Protests have erupted across the United States after the country’s Supreme Court overturned its 50-year-old Roe vs Wade decision, now denying women the constitutional right to abortion.
President Joe Biden called the ruling a “tragic error”, saying that it has taken the country back 150 years.
The verdict comes after a leaked report in early May revealed that the US top court would strike down Roe vs Wade. Friday’s decision has thrown light on abortion legislation in other countries, including India, where abortion under certain circumstances has been legal for the past 50 decades.
In the wake of the developments in the US, we take a look at what our law says and how India decided to allow abortions.
The role of the Shantilal Shah Committee
Until the 1960s, abortion was illegal in India under Section 312 of the Indian Penal Code, 1860. “Causing miscarriage of a woman” was a punishable crime with imprisonment of up to three years and/or a fine.
In the mid-1960s, the government set up the Shantilal Shah Committee under the leadership of a medical professional, Dr Shantilal Shah, to look into the issue of abortions and ascertain if the country needed a law in this regard.
The Committee reviewed the medical, legal, and socio-cultural aspects of abortion in India and recommended legalised abortion along with a law on comprehensive abortion care in 1964. The recommendations were based to reduce unsafe abortions and maternal mortality rates.
Based on the report of the Shantilal Shah Committee, a medical termination bill was introduced in Lok Sabha and Rajya Sabha and was passed by Parliament in August 1971. The Medical Termination of Pregnancy (MTP) Act, 1971 came into force on 1 April 1972 and applied to all of India except the state of Jammu and Kashmir.
Provisions of the MTP Act
The MTP Act allowed for the medical termination of pregnancies alone. It was founded on the principles of the British Act passed by its parliament in 1967. As the opening paragraph states, the MTP Act provides “for the termination of certain pregnancies by registered medical practitioners and for matters connected therewith or incidental thereto”.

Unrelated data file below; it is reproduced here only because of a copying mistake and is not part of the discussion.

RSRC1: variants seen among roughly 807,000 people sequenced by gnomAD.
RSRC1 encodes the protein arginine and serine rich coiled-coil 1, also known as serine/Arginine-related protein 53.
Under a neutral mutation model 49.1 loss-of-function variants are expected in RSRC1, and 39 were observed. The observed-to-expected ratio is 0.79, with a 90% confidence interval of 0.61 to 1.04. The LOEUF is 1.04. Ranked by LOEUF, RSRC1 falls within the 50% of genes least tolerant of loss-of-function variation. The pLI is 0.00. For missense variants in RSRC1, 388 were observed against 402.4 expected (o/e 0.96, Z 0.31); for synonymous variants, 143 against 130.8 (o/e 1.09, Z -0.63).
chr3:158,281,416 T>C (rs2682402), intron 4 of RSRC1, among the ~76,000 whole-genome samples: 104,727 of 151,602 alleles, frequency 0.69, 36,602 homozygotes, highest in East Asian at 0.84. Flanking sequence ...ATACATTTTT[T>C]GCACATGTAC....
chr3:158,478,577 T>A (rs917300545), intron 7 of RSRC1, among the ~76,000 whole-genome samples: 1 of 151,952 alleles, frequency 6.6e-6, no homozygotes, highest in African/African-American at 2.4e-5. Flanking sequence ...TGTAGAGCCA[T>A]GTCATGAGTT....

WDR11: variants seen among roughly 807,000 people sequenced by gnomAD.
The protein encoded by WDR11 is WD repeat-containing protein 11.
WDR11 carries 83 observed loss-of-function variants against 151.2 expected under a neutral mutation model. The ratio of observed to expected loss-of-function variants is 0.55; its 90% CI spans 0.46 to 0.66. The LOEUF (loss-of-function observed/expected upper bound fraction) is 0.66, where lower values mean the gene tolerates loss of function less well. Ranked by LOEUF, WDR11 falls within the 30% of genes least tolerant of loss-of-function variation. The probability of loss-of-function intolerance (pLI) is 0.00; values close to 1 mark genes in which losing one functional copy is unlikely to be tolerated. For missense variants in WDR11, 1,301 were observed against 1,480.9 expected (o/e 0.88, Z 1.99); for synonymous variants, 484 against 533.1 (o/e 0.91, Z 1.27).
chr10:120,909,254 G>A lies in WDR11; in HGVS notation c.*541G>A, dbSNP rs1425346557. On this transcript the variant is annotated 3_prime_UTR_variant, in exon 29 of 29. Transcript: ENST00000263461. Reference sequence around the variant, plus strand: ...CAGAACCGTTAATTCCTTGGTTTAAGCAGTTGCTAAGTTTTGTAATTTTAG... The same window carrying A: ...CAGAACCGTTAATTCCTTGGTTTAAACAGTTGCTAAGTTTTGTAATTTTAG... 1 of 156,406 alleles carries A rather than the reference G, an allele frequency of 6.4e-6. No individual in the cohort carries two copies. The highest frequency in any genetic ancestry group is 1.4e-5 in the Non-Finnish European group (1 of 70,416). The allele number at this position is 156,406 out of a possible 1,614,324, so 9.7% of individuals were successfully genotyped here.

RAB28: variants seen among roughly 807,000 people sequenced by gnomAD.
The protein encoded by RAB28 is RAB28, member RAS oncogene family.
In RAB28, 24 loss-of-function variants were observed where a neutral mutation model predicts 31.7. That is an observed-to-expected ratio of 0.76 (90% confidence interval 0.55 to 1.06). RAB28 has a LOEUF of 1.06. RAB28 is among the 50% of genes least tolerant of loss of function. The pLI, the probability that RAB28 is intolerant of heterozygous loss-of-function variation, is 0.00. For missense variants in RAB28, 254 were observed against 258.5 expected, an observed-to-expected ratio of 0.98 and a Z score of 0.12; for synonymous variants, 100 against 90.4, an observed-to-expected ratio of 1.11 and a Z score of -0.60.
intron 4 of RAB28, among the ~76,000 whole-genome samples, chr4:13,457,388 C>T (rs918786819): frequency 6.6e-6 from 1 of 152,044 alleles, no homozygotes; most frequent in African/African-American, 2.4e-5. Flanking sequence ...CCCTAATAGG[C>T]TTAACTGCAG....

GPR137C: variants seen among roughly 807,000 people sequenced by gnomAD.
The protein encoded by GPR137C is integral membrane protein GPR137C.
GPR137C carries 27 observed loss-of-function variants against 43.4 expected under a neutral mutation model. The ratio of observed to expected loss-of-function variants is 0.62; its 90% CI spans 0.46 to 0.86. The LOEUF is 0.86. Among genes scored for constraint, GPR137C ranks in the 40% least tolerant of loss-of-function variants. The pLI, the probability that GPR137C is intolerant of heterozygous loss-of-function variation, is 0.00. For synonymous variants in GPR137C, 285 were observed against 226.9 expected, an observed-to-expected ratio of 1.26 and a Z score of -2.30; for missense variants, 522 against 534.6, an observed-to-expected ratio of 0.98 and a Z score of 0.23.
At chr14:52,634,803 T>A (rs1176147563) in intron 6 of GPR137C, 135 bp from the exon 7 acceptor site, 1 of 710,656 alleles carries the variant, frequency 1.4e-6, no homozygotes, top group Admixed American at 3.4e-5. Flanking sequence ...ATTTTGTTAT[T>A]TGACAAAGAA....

In essence, it Act attempts to regularise medical practices and institutions concerning abortion and, consequently, allows medical liberalisation to supersede medical criminalisation.
It is quite evident from the preamble that abortion would be allowed in certain circumstances. According to the ACT, a pregnancy may be terminated by a registered medical practitioner in the following circumstances:
a) where the length of the pregnancy does not exceed 12 weeks
b) where the length of the pregnancy exceeds 12 weeks but does not exceed 20 weeks, in this situation by the views of the two medical professionals in good conscience
c) where the prolongation of the pregnancy can pose a significant risk to a woman’s health if the doctor’s opinion is formed in good faith
d) when there is an apprehension that an infant born out of this pregnancy would be vulnerable to adverse well-being and will be impaired, depending on the doctor’s opinion
The Act allows for the termination of a pregnancy if “it is alleged by the pregnant woman to have been caused by rape” or “where any pregnancy occurs as a result of failure of any device or method used by any married woman or her husband for the purpose of limiting the number of children”.
It states that no pregnancy shall be terminated without the consent of the woman.
‘No autonomy for women’
The Shantilal Shah Committee proposed comprehensive abortion care for women which is largely absent in the 1971 Act.